SURGEON GENERAL: Keeps ‘Finger On The Pulse’
U.S. Surgeon General David Satcher said he has "an opportunity to make a difference" because he can "have a platform," according to an interview published in this week's Journal of the American Medical Association. Satcher said his platform includes several key areas including: HIV/AIDS prevention and treatment; promoting responsible sexual behavior; improving child care; providing better mental health services and eliminating racial and ethnic disparities in health. "If you use [the platform] well and maintain your integrity, so that the American people can trust you to bring them the best information based on the best available science and also to work with your colleagues so that you can keep your finger on the pulse of the best information, you can make a tremendous difference," he said.
Prevention Is Key
Satcher said he'd "like to see physicians put prevention into practice," and that doctors should "ask their patients about nutrition and sexual behavior." In addition, providing "every child with a healthy start in life," is one of his main priorities. He wants to do this by "promot[ing] access to quality prenatal care, counseling women about the dangers of drinking alcohol and smoking during pregnancy," and creating an environment where society would "see an increase in parents who are ready to parent."
Bridging The Gap
Satcher also wants "to focus on the prevention and treatment of HIV/AIDS," and eradicate "racial and ethnic disparities in health," JAMA reports. "When we focus on the disparities, in order to close the gap we have to improve the public health system," he said. Satcher noted that the HIV/AIDS epidemic "has increasingly become an epidemic of color," and has extended its reach to the heterosexual population. However, Satcher said "Americans are fighting the [AIDS] battle with 'one hand tied behind our backs'" by not implementing comprehensive sex education or needle-exchange programs.
Having The Dreaded "Talk"
"As a nation," he said, "there are still some things we don't want to talk about which need to be talked about. Sex is one of them." Calling abstinence programs a "primary prevention" tool, Satcher said he believes "that the abstinence programs are very important ... especially for young adolescents under 14 years of age." He said abstinence "ought to be our major message -- don't become sexually active until you're involved in a committed relationship" -- but noted that "over half of the teenagers in this country" are sexually active by the time they graduate from high school. "It is just as important that we talk to them about how to be responsible when you're sexually active and protect yourself and others. Now there are some people in this country and many in Congress who want to talk about abstinence only, but they don't want us to talk about comprehensive programs that include secondary prevention for people who are sexually active."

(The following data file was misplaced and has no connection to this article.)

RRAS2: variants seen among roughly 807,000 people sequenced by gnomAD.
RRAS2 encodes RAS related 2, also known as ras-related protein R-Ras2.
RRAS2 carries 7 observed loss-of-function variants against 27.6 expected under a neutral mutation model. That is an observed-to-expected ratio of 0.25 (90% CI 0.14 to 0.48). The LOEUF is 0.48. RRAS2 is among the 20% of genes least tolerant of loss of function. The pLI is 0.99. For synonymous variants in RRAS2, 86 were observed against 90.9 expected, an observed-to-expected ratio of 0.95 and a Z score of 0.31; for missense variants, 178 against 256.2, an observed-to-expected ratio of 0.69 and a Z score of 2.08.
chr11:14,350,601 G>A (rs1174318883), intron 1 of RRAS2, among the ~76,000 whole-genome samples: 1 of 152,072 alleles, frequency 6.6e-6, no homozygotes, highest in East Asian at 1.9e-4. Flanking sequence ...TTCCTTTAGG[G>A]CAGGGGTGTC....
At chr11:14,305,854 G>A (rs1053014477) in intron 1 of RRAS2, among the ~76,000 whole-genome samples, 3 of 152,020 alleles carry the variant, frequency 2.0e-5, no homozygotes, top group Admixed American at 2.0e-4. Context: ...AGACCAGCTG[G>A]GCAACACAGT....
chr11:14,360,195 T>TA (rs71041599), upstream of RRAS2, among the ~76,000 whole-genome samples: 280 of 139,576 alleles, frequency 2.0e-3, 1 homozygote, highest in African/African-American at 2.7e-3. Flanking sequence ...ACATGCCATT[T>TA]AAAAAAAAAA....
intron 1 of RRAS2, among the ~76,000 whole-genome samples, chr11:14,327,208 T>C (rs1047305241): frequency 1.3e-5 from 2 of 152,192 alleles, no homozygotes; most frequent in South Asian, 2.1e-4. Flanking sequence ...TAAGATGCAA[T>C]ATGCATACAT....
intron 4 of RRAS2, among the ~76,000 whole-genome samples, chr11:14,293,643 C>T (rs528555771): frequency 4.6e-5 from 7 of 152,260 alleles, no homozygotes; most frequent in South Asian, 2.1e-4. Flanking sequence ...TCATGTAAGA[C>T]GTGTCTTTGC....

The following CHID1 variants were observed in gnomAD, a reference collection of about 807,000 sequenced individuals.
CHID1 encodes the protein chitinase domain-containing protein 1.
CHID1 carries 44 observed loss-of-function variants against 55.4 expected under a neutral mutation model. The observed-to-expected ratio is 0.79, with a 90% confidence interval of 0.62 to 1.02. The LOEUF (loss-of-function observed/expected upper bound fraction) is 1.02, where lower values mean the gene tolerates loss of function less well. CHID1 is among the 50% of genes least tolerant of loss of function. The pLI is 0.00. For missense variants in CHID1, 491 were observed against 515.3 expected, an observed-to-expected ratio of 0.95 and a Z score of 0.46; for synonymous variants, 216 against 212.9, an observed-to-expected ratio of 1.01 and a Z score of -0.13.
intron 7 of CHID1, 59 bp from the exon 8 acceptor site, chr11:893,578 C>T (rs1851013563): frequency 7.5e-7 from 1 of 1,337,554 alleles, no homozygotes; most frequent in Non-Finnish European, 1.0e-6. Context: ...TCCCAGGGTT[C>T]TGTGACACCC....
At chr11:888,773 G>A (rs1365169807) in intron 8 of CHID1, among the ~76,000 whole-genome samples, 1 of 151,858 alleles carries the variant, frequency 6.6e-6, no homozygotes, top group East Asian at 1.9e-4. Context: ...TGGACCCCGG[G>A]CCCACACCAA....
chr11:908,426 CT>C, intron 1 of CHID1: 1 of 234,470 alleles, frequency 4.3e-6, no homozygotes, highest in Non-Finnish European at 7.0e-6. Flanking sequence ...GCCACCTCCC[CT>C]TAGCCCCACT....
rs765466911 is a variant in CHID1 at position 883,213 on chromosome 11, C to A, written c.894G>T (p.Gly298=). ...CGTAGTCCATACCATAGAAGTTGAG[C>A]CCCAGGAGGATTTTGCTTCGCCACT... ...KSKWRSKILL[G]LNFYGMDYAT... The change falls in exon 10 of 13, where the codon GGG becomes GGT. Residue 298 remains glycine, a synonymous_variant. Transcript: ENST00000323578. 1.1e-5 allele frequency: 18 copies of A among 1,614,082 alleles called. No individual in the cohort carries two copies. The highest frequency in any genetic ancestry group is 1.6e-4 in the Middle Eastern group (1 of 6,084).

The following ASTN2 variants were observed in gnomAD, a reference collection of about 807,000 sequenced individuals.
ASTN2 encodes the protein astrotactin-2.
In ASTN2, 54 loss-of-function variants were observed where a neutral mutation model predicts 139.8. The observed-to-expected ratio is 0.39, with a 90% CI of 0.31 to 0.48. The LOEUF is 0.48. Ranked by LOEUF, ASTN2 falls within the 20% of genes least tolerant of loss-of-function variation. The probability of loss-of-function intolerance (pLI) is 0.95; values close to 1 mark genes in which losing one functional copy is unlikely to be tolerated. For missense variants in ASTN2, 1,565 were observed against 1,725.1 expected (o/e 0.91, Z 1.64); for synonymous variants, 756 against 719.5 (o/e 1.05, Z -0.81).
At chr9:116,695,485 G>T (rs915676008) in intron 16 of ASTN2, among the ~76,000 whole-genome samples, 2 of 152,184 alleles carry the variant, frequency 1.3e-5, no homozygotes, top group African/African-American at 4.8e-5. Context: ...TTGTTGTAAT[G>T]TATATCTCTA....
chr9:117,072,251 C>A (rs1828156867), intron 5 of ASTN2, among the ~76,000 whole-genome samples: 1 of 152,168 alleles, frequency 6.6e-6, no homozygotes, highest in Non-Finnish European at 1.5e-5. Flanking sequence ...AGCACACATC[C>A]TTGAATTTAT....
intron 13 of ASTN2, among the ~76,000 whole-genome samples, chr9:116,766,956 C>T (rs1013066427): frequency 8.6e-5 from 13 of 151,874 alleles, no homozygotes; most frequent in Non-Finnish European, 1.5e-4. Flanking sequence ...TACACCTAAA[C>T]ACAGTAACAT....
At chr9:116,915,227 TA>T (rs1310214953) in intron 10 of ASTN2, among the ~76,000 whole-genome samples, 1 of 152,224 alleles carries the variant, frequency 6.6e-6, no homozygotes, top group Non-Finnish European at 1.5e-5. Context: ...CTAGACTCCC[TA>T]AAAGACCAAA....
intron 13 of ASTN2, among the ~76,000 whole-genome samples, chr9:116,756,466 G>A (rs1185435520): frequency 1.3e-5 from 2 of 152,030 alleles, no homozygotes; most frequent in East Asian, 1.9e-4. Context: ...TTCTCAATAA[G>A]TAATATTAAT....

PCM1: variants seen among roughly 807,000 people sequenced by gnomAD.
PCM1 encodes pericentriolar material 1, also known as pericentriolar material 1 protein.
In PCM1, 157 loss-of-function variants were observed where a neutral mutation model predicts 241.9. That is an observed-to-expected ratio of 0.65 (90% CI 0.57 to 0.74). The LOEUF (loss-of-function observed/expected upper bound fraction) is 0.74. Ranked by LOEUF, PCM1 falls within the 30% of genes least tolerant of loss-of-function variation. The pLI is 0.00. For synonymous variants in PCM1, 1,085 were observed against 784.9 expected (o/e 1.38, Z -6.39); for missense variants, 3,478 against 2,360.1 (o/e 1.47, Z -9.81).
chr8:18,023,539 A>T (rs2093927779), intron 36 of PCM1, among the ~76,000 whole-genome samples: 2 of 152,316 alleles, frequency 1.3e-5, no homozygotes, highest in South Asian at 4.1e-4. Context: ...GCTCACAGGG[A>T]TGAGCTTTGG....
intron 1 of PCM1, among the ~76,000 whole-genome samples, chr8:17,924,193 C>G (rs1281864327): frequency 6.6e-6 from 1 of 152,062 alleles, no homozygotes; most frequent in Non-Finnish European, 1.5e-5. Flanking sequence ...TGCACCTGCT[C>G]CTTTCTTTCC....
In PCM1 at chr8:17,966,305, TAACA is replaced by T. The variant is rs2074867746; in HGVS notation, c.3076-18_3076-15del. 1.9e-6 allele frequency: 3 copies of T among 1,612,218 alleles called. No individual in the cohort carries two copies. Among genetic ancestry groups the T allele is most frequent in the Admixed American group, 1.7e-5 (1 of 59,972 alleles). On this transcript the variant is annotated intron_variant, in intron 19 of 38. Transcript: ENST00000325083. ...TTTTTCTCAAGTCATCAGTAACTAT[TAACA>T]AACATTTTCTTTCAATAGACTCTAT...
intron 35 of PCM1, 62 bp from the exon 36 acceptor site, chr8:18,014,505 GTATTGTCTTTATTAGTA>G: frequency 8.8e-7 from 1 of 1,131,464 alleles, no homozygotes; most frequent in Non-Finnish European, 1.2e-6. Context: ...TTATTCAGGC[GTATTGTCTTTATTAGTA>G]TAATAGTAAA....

Look At The Science
That attitude extends to needle-exchange programs as well, Satcher said. "Science showed that needle exchange programs did indeed reduce the spread of HIV -- they did it without increased drug use. But the political position now on the part of the House Of Representatives is a permanent ban on federal funding on needle-exchange programs. For the administration, it's been, 'Let's wait, and get more information.'" Satcher contended that the nation's substance abuse problem and AIDS are "linked" epidemics. "We have to fight both epidemics vigorously," he said. "If we fight the epidemic of substance abuse with all we have, including making sure everybody has access to treatment, it would significantly benefit the AIDS epidemic. So even if we didn't have needle-exchange programs, if we had access to treatment for everybody who needed it, we would significantly reduce the spread of HIV," Satcher said.
Satcher also wants to stop the stigmatization of mental illness. "I want to work with communities to create environments where mental health can thrive," he said. One step he has taken as surgeon general is to sponsor "the first-ever national suicide prevention conference in October." His office also "will be presenting a report on mental health next year" (Mitka, JAMA, 8/19 issue). Click here for previous Daily Reproductive Health Report stories on Satcher. The online Report is available free of charge through the Kaiser Family Foundation's website (www.kff.org).